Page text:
By becoming the victim, Jesus wins the victory. Luther puts it nicely in an Easter sermon from 1529:
Christians from their own standpoint are a Judas, a
Caiaphas, a Pilate, and find themselves condemned. But there
is another Person who took my sins on Himself. On Good
Friday they are all laid around His neck. But on Easter I also
look at Him, and then He has none…. Thus sin is completely
taken away in the Resurrection. Everyone should learn this
today, that all of us should abandon thoughts about ourselves
and should not pass judgment on ourselves according to our
feelings. For this is contrary to Christ and the Gospel, which
says that Christ has taken away the sin from our hearts and
consciences and laid them on Himself. For this reason the
apostles praise the resurrection unceasingly.
—The 1529 Holy Week and Easter Sermons of Dr. Martin Luther (CPH, 1999, p. 127)
More Than a Confirmation
Jesus’ resurrection from the grave is more than a confirmation that there is life after death. Death is not part of an inevitable cycle: life to death and then back to life again. Jesus is raised from the dead without the sins He took to the cross; they are left buried forever. Put to death for our trespasses and raised again for our justification, Jesus, through His resurrection, announces and declares that our sins are forgiven.
When Jesus comes to His disciples, who had locked themselves up in fear on Easter evening (see John 20:19–23), He brings to them the glad news of His resurrection with His word of peace and the sight of His pierced hands and punctured side. His word of peace is, in effect, an absolution. Coupled with the marks of His passion, Jesus’ words bestow on His disciples the result of His death for sin: peace with God. When the Lord speaks His peace to the disciples a second time, breathing on them His Spirit, He sends them to forgive sins: “If you forgive the sins of any, they are forgiven them” (John 20:23 ESV). Only Jesus’ forgiveness, won at Calvary in His dying, holds power over death. Where there is no forgiveness of sins, death remains lord. But where Jesus forgives sin, death is toppled from the throne. Death no longer can hold sinners in its iron grip.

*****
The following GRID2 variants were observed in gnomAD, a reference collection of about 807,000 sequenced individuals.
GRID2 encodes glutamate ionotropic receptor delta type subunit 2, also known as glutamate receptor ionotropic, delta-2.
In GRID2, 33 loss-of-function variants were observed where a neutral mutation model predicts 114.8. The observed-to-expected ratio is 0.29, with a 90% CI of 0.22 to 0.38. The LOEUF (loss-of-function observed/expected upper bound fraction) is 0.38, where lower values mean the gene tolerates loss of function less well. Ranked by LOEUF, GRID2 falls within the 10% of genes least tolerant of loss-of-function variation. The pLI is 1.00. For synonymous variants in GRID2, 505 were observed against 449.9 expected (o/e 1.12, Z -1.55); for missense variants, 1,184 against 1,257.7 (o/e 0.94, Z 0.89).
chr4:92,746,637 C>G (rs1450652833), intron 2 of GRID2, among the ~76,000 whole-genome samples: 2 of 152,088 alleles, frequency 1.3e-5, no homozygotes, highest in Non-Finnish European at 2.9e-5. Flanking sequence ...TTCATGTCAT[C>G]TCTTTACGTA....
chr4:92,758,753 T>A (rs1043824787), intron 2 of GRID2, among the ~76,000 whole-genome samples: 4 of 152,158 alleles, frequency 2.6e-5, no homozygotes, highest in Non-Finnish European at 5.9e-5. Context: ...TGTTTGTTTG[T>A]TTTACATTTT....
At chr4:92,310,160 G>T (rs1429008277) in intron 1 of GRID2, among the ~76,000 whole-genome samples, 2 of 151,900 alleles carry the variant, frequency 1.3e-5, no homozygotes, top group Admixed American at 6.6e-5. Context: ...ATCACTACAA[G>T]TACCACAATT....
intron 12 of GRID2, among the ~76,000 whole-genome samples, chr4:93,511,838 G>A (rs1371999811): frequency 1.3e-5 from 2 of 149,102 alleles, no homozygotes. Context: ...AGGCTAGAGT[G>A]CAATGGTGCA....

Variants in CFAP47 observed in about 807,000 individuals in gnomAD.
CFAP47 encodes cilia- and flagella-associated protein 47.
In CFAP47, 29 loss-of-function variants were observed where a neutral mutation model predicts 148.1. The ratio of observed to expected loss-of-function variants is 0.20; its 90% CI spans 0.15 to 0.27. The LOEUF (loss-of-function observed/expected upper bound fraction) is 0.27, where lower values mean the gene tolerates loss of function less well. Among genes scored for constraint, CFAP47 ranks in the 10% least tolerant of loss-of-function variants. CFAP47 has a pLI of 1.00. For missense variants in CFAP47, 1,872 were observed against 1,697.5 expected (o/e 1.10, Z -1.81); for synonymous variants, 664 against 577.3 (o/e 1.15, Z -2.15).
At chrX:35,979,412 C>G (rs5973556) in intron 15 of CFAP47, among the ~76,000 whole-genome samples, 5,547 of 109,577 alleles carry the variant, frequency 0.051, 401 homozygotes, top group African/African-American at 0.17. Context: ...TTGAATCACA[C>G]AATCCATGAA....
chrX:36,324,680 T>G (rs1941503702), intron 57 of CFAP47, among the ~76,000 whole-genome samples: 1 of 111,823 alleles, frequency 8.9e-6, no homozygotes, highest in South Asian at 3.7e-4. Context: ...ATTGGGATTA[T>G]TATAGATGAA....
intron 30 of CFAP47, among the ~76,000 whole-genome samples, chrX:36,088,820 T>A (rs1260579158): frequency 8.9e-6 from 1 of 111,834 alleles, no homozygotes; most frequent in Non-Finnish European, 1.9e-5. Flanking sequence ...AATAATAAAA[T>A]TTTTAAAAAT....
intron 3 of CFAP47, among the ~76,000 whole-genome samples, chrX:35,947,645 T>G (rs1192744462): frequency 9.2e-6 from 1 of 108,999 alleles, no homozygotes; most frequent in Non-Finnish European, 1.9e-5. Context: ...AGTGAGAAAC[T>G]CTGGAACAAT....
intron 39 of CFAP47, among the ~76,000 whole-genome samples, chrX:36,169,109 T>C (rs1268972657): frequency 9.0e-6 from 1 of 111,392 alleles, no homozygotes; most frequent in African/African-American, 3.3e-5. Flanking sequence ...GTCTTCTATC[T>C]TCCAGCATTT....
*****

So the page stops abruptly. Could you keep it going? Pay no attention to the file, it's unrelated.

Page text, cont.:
All of us will die. Unbelievers die in their sins. The consummation of such dying is hell. Believers die to their sins. The consummation of such dying is heaven. The forgiveness of sins bestows the gift of the resurrection to life everlasting. Embedded in the absolution is the promise of the resurrection. When you hear your pastor speak those words, you are given the gift of your own resurrection ahead of time. When you hear the absolution, Christ Jesus is telling you that your sins will not hold you captive in the grave.
Easter robs death of the dignity it claims for itself. We are freed from the mythologies of our culture that would seek to give us power over death. Easter gives us something far better. Easter gives us a sure and certain word: Jesus died for your sins. God has raised Him from the dead. The grave cannot hold Him. Neither will it be able to keep those who are His. You need not worry about a death with dignity, for you have the absolution. It is a word that gives life to the dead, and it is for you.